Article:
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Chinese expert rules out quick border settlement with India

11 February 2015

With Indian and Chinese officials showing new keenness to resolve border issues ahead of Prime Minister Narendra Modi's expected May visit to Beijing, a Chinese strategic expert on Tuesday gave a sharp reminder that China will not make many concessions, telling India that a "breakthrough" would be impossible without concessions from India in Arunachal Pradesh.

Responding to comments made by external affairs minister Sushma Swaraj to reporters during her 1-2 February visit to Beijing suggesting that Modi and President Xi Jinping, as two strong leaders, may enable an "out of the box" approach to solving the border dispute, strategic affairs expert Lan Jianxue told the Communist Party-run Global Times newspaper, "If there is an 'out-of-box solution', it is highly likely a breakthrough over the eastern part of the border, which contains the most controversial area between China and India".

Lan, who earlier served in the Chinese embassy in New Delhi and is an expert on India-China relations, said the "illegal McMahon Line ... is at the heart of the boundary dispute''.

"This is a line that China has never accepted. If India won't make concessions or adjustments over the Line, there will be no suggestion whatsoever that the two sides are any closer to agreeing."

His comments reiterate the Chinese view that a boundary settlement will require adjustments in all sectors - western, middle and eastern. India sees China as occupying at least 38,000 sq km of what should be Indian territory in the Aksai Chin region in the western sector, and will demand a settlement on that front.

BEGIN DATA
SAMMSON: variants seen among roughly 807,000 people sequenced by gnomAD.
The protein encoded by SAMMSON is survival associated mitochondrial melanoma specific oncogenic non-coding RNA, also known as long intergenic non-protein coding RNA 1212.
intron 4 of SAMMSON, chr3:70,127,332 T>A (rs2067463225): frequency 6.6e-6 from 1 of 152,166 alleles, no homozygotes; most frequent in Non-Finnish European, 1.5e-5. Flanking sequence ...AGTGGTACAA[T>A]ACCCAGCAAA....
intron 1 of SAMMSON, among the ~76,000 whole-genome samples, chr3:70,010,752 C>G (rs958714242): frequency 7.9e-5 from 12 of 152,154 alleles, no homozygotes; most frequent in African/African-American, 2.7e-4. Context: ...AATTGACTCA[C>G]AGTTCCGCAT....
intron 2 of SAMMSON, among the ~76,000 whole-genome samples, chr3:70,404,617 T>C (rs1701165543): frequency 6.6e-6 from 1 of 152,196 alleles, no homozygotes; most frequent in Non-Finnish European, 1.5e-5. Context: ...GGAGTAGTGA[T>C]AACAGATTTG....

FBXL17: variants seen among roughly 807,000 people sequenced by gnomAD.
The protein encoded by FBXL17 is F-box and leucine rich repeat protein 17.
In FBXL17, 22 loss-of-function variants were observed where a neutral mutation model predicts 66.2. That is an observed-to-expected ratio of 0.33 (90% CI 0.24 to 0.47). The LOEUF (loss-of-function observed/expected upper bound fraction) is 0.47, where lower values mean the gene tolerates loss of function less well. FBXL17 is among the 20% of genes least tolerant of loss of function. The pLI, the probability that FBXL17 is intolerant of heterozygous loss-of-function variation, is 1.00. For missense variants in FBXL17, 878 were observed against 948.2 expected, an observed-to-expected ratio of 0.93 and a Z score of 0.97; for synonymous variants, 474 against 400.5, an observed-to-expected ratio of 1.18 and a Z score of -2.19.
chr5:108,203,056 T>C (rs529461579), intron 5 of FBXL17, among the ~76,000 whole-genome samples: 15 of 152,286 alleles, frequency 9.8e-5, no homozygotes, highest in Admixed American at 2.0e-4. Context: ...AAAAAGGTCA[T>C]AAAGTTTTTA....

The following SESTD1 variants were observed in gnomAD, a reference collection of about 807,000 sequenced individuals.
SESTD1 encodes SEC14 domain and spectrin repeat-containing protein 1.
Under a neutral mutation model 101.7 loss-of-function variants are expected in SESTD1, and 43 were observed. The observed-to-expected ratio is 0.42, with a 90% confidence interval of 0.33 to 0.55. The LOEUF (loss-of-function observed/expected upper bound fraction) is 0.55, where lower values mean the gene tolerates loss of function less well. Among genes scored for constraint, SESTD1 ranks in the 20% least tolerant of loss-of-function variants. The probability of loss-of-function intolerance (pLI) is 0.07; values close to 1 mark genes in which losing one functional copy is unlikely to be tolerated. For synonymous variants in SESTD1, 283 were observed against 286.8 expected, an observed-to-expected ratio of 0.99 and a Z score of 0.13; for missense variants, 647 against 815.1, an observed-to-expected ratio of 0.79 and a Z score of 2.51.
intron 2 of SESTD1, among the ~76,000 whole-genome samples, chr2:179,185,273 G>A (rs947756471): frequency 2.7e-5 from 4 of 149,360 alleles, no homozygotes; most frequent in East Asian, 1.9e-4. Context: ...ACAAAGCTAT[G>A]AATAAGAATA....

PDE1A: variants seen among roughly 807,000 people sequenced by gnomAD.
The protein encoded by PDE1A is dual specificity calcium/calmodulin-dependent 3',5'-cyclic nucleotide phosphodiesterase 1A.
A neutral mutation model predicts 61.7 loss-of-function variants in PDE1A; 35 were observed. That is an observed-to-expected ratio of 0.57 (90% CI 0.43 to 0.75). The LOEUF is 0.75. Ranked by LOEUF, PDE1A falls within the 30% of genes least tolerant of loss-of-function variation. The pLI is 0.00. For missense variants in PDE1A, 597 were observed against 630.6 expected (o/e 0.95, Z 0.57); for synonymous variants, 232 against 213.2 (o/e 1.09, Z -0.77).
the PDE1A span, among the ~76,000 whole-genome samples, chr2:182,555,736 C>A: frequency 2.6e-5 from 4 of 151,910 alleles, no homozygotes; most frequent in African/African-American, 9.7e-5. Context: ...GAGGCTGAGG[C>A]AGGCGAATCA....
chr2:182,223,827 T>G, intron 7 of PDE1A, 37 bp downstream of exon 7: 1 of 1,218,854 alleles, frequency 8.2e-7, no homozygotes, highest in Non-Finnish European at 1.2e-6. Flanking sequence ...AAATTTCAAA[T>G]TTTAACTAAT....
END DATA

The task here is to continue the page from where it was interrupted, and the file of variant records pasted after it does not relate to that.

China has, since the late 1980s, voiced claims to 90,000 sq km in the eastern sector in Arunachal Pradesh.

Lan cautioned that "it might be too soon to anticipate that this solution will be reached in May during Indian Prime Minister Narendra Modi's first visit to China since assuming office". He said the Modi government had shown "a tougher attitude" by beefing up border patrols and pushing long overdue moves to improve infrastructure.

While he expressed optimism that Swaraj's comments showed that India was "making efforts in showing flexibility and creating a favourable atmosphere on resolving the issue", he added, "However, to this day, the Indian government has not given us a reply or any signal of goodwill for adjustment over this issue. In the light of this, the ball is in India's court to adopt a more proactive approach" - suggesting that an adjustment in the eastern sector was China's starting demand.

At the same time, China has shown no inclination towards even discussing India's claims over Aksai Chin, even officially claiming that "there was no dispute" in the western sector and the boundary disputed was only 2,000 km long - not even recognising the more than 1,500 km disputed in the western sector.

Lan claimed that China "used to offer a 'package proposal' for settling the issue, which requires each side to make a compromise, yet it was turned down by India." It was unclear if he was referring to former leader Deng Xiaoping's reported offer of a "swap" settlement along the status quo, that would see both sides more or less holding on to their claims with minor adjustments - China keeping Aksai Chin and giving up claims in the east.

Lan said, "We hope that the two parties can reach a consensus based on not only mutual understanding and accommodation, but also a strong will of showing flexibility as well as innovation in the near future.

"Now that Swaraj has put forward the potential 'out-of-box solution' this time," he added, "we have every reason to expect that the logjam could be broken and a new beginning could be made. But it remains to be seen what dedication Modi will put into a practical settlement for the bitter territorial dispute."

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